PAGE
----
There must also be a clear definition between the party and the government. They are not one and the same. This means that if elected in Parliament I will work within this new government to ensure transparency, accountability and effectiveness on a governmental level. On a party level, I will continue with the work assigned to me, however, this will be a totally separate issue from the work done in Parliament.
PL has been in the Opposition for years. Is the party ready to govern? Why?
Yes it is ready to govern because it has been in contact with the stakeholders in our society and this is what the road map being presented during this electoral campaign is all about. Also, the PL will be looking to put the country’s finances on a sound footing and address the energy problems which the country is facing.
The most important thing is that the people will be at the centre of all decisions taken, and as such one of the major proposals is that studies will be undertaken to determine the effect of major projects on society in general. This should be the way forward, as a government is elected by the people and for the people.
A new government led by Joseph Muscat will also be an open government, and it will advocate active citizenship. This means that the people will not simply be spectators, but their opinion will be sought in a number of manners including via online media. These changes are needed in today’s society, and a lot of work needs to be done to re-build the trust of the people in the politicians.
Why should people vote in new blood over serving MPs? In a parliamentary structure shrouded in allegations and lack of accountability, why do you want to get involved?
I believe that the country needs a mix of serving and new MPs. This is the way forward whereby the serving MPs will use their experience to offer guidance to energetic new MPs to do the work in Parliament. However, new MPs tend to come up with different solutions than those which would have previously been thought about, and in my opinion Maltese politics need fresh new faces to really and truly give it a breath of fresh air. Also, by voting new MPs in Parliament the people will be creating a new breed of politicians which will pull up its socks and start working from day one to deliver results and not just during the last few months before the general election.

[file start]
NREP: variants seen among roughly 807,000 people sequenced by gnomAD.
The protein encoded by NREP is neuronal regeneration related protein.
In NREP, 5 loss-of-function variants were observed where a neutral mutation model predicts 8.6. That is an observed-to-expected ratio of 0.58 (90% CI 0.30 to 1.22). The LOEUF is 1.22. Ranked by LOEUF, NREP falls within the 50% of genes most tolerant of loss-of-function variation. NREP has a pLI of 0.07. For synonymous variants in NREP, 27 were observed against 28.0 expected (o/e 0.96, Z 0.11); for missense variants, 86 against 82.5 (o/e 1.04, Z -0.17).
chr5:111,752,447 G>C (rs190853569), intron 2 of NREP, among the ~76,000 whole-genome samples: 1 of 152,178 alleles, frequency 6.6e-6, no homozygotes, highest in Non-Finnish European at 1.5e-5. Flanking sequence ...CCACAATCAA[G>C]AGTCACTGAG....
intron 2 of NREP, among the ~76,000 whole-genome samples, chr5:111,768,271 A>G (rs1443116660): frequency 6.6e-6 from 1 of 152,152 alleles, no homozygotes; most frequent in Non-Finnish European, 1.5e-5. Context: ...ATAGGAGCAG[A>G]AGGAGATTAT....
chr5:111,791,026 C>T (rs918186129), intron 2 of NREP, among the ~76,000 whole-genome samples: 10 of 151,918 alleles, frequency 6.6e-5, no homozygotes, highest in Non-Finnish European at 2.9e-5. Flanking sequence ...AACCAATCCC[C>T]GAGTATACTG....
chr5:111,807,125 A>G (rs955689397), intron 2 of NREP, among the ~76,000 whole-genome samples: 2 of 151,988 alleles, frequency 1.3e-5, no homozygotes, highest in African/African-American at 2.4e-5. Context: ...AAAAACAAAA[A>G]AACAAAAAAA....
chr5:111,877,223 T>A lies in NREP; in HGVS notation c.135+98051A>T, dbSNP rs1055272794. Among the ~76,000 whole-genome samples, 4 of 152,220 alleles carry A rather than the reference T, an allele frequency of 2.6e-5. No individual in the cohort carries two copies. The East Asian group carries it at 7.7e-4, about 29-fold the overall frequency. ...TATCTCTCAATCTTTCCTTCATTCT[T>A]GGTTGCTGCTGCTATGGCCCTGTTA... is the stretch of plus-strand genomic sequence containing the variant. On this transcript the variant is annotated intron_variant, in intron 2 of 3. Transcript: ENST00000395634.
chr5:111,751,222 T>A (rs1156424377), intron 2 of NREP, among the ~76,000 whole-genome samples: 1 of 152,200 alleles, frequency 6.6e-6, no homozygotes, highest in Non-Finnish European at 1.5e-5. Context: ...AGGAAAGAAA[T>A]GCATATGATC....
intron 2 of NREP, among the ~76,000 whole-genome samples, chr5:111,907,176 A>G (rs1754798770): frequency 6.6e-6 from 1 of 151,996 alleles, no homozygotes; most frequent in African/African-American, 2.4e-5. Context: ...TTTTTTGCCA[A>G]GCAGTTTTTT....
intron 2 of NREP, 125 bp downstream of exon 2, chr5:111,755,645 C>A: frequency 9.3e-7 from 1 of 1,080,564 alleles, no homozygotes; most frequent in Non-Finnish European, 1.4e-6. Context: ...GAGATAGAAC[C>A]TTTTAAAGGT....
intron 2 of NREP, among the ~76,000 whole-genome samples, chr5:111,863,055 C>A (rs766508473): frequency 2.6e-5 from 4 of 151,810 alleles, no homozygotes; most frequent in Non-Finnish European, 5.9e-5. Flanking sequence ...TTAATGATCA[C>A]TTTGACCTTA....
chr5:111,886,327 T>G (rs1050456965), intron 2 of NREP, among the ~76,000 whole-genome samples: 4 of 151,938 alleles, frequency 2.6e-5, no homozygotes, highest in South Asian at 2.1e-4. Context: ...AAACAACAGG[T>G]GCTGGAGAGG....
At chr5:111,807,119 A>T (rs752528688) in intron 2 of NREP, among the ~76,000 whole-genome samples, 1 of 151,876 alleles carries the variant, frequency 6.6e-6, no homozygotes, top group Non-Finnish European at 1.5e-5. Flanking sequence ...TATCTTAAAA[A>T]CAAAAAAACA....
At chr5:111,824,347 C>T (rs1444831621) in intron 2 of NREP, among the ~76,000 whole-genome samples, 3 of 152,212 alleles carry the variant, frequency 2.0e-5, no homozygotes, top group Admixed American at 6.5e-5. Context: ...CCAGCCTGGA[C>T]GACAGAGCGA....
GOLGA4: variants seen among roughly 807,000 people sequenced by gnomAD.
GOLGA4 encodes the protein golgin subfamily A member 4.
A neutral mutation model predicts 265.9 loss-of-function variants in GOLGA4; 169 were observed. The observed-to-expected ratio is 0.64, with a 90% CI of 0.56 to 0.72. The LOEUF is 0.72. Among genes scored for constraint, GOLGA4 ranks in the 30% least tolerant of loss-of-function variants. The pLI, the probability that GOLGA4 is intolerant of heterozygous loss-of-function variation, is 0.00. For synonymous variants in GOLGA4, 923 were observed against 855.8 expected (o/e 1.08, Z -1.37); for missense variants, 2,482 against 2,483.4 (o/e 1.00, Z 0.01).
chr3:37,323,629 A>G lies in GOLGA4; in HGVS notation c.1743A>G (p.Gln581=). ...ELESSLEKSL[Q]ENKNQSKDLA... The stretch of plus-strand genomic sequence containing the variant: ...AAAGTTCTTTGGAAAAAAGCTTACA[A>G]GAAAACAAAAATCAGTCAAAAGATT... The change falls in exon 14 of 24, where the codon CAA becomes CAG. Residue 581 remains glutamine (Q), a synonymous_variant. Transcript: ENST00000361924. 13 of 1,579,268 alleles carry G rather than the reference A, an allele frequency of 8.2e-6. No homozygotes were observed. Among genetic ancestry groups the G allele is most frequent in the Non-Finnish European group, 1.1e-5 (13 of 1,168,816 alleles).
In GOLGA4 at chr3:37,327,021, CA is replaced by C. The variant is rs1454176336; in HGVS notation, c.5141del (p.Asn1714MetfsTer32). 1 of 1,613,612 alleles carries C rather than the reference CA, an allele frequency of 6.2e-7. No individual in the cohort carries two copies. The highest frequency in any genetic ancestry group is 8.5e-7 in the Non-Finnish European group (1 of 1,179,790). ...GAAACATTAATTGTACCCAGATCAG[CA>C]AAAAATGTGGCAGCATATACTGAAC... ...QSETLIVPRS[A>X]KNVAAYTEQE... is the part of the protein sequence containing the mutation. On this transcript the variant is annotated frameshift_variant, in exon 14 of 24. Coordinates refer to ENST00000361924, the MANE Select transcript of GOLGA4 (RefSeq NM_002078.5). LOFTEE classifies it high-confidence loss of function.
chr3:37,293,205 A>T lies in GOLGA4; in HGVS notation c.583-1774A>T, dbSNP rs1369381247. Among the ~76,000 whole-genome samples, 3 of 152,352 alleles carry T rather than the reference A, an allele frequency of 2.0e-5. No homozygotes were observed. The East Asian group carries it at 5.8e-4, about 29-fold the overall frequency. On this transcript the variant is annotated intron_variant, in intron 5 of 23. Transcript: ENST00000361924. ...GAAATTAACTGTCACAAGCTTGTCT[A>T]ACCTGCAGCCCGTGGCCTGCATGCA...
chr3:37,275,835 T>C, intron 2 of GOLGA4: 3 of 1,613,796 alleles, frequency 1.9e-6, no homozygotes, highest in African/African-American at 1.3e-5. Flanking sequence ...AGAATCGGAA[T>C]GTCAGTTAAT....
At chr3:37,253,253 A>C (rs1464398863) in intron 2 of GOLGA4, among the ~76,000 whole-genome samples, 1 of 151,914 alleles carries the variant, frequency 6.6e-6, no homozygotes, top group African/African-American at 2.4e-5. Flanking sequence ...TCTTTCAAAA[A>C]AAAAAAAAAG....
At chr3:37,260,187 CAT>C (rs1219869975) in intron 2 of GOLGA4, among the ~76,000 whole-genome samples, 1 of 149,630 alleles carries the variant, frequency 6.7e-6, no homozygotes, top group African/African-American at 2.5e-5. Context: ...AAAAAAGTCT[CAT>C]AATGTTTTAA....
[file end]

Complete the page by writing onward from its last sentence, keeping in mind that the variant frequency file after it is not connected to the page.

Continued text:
The allegations and lack of accountability should not hinder anyone from running for Parliament. If anything, they spur me on to change things. I know that there is a lot to be done to re-build the bridged between the politicians and the people. And let’s be clear about this, it is not the people’s fault that a lot of them have lost their trust in the political class. The blame lies on those politicians who have lost touch with the people who elected them. A new government led by Joseph Muscat will work to once again enhance this trust in the politicians, and also to clean up politics from these allegations once and for all. I am ready to work in this new government, and the people really and truly deserve such a government. The people deserve a better government than the one that governed Malta in the past 5 years.